New toll for Virginia’s Norfolk-Portsmouth tunnels

By Ed Hightower
17 January 2014

Starting next month, drivers crossing the Elizabeth River between the Virginia cities of Norfolk and Portsmouth will pay a toll of $1.84 each way to a private company, Elizabeth River Crossings LLC. According to the deal that the company struck with the Virginia Department of Transportation (VDOT), the latter will collect this toll for the next 58 years, for a total expected revenue of $22 billion.

The alleged purpose of the toll is to raise funds for a new tube of the Midtown tunnel connecting the two cities and to upgrade related roadways in Portsmouth. The actual cost of the project, including maintenance over the 58-year contract period, is $2.1 billion, less than one tenth of the projected toll revenue. Elizabeth River Crossings (ERC) expects to make a 13.5 percent return on its investment for each year tolls are collected.

Norfolk and Portsmouth are both major shipping centers on the south side of Hampton Roads, the waterway where the Elizabeth and James Rivers converge into the Chesapeake Bay. According to the 2010 US census nearly 1.7 million people live in the Hampton Roads area which includes Norfolk, Portsmouth, Chesapeake, Virginia Beach and Suffolk on the south side and Hampton, Newport News and Williamsburg on the Virginia Peninsula to the north.

Thousands of working people and commercial drivers travel between Norfolk and Portsmouth each day. Roughly 120,000 area residents commute from one city to the other. For these residents, the tolls at the Midtown and Downtown tunnels will add up to nearly $1,000 annually. Trucks using the tunnels will pay $7.36. Those who do not purchase a $35 EZ Pass transponder will receive bills by mail and will pay an additional $3.18 per crossing, for a total of $5.02.

According to the terms of ERC’s contract, the company can increase toll rates by 3.5 percent each year starting in 2016. Should VDOT construct an additional bridge or tunnel connecting Norfolk and Portsmouth, ERC will charge the state for lost revenue from diverted traffic.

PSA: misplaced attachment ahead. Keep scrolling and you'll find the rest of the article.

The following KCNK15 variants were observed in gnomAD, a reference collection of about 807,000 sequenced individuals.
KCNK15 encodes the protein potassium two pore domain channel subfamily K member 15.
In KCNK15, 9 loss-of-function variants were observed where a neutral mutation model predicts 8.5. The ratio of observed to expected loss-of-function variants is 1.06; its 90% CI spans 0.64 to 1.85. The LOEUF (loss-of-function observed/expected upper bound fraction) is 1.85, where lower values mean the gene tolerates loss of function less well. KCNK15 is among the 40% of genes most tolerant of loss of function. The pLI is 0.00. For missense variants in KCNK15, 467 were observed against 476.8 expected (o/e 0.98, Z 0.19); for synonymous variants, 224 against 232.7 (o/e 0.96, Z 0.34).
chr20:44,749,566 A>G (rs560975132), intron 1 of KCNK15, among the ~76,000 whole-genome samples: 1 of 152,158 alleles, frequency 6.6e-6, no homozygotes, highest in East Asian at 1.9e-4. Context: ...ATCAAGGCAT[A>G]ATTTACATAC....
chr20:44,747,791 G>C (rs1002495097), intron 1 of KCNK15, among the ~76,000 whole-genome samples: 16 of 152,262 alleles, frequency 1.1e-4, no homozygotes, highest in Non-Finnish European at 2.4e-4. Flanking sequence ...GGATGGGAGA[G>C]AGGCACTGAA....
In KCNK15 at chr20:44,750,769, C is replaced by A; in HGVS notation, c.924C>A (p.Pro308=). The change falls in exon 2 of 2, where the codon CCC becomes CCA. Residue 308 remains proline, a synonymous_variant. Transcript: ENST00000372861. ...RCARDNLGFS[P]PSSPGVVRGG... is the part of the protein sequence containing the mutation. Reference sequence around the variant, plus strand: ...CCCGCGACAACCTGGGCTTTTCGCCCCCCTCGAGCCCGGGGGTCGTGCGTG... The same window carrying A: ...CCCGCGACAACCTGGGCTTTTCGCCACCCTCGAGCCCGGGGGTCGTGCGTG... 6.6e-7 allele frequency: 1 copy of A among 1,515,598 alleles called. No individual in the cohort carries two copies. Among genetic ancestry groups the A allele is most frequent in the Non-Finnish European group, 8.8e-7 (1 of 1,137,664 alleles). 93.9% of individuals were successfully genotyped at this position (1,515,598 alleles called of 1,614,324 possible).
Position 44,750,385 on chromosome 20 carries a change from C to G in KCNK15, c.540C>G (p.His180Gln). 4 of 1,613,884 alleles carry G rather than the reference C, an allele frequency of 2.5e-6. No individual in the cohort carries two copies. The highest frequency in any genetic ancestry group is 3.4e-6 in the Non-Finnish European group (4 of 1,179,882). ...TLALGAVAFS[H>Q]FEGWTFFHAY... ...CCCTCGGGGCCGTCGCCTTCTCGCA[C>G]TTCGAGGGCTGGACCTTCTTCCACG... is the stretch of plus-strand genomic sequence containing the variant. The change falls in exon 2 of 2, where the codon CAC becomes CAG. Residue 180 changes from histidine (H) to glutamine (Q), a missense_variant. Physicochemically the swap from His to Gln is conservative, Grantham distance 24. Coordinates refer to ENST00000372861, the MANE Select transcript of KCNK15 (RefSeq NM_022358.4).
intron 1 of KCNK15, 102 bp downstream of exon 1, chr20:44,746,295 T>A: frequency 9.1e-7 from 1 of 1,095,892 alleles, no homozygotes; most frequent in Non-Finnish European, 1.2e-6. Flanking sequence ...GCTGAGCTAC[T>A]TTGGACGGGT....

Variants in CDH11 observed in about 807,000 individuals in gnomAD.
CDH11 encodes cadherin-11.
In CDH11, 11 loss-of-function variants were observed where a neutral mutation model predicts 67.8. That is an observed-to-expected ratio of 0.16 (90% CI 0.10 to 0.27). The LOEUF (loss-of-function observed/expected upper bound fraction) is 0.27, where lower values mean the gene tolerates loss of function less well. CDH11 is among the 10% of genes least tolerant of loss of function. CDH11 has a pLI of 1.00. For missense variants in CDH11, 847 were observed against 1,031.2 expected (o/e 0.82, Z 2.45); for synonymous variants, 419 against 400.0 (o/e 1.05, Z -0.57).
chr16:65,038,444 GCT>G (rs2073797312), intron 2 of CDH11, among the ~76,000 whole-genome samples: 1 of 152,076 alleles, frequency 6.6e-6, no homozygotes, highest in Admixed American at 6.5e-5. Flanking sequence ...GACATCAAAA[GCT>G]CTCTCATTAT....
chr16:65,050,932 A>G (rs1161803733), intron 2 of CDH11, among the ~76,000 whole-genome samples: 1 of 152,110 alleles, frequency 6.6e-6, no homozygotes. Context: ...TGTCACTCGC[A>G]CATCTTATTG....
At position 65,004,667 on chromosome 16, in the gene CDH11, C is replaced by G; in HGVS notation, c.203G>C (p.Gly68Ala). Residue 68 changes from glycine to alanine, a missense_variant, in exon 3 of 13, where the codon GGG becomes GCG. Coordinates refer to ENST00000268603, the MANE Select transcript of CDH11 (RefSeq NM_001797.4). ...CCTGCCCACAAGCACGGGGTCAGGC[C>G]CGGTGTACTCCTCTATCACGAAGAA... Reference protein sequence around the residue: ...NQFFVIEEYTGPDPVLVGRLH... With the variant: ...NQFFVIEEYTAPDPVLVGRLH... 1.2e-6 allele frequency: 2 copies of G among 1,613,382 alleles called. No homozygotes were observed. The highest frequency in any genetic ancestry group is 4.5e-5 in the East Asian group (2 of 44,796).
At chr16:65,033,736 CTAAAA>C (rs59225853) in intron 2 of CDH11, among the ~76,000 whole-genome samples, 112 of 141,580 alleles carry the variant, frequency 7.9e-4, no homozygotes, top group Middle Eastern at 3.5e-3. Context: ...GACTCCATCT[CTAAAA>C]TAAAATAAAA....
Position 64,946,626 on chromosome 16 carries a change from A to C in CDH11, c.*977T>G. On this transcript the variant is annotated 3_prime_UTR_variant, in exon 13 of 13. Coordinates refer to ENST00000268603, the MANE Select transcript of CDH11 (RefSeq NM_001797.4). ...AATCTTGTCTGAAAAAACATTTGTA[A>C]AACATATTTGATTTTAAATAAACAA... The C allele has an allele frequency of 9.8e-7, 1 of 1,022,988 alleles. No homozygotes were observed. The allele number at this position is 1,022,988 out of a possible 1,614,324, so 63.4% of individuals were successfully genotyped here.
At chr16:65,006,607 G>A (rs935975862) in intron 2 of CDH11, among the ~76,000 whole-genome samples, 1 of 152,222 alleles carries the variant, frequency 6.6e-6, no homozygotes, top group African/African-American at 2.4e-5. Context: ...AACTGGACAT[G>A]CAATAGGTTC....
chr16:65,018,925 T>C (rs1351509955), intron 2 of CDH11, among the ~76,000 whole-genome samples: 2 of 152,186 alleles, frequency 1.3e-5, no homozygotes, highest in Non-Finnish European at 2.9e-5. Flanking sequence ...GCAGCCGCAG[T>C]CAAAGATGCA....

In October, the Supreme Court of Virginia overturned a lower court ruling which found that the tolls were a tax that violated the Virginia Constitution because it was levied by and for the benefit of a private party (ERC). The Supreme Court made the absurd ruling that the toll was not a tax because commuters had the choice to drive 12 miles out of the way to use the Gilmerton bridge or High Rise bridge. Such detours would add roughly one hour per day in commuting time.

Portsmouth business owners filed the suit in 2012, fearing that the tolls would discourage residents from traveling from Norfolk to eat at local restaurants and shop and retail stores.

Virginia Supreme Court Justice William C. Mims failed to recuse himself from the hearing, even though he was a partner at the lobbying firm Hunton and Williams, which has represented VDOT and ERC. Mims was a strong proponent of public-private partnerships as a state senator and as Attorney General in 2009-10.

McDonnell touted the ERC plan as proof that public-private partnerships were a workable alternative to traditional infrastructure projects. In a move to quell popular anger, newly elected governor Terry McAuliffe is attempting to reduce the tolls temporarily to $0.75, at least until construction of the new Midtown tunnel tube begins. This proposed reduction will be offset by fee hikes down the road.

Democrats in the state House of Delegates have introduced several very modest proposals to reduce the toll, including a reduction in the EZ Pass monthly maintenance fee of $0.50 and a bill to allow a casino in Portsmouth, from which a portion of the revenue would provide relief for residents paying the toll daily.

In his 2013 State of the Region report, Old Dominion University economics professor James V. Koch asserted that the tolls will harm the region. He writes:

“The soon-to-be-implemented toll system (which the Virginian-Pilot once dubbed ‘a ring of fire’) virtually encourages regional firms to relocate outside the ring of tolls—that is, closer to Richmond or points south. After all, why should one locate a business in, say, Hampton or Virginia Beach, if moving product from those cities not only will be handicapped by congestion, but also will require the paying of tolls for the privilege of facing that congestion?”

It is not yet clear how the tolls will affect each individual city, although the Portsmouth City Council has commissioned professor Koch to study the economic impact on the city.

Nor is it clear to what extent a new tube at the Midtown tunnel, currently a two-lane, two-way road, will relieve traffic congestion in the region. While the agreement with ERC provides subsidies to the local bus company to reduce fares, it is notable that the new tunnel tube does not extend Norfolk’s new light rail system into Portsmouth, a move which could reduce traffic and wear and tear to the roadways.

The enactment of a toll for crossing the Elizabeth river is a reactionary measure, creating windfall profits for ERC and a burdensome tax on area residents and businesses. The claim that there is no money for critical infrastructure projects is a lie. The richest person in Hampton Roads, Winnie Johnson-Marquart, an heir to the Fortune 500 company, S.C. Johnson, boasts a personal fortune estimated at $2.7 billion. This amount could cover the cost of the entire ERC project, including 58 years of upkeep, with more than half a billion dollars to spare.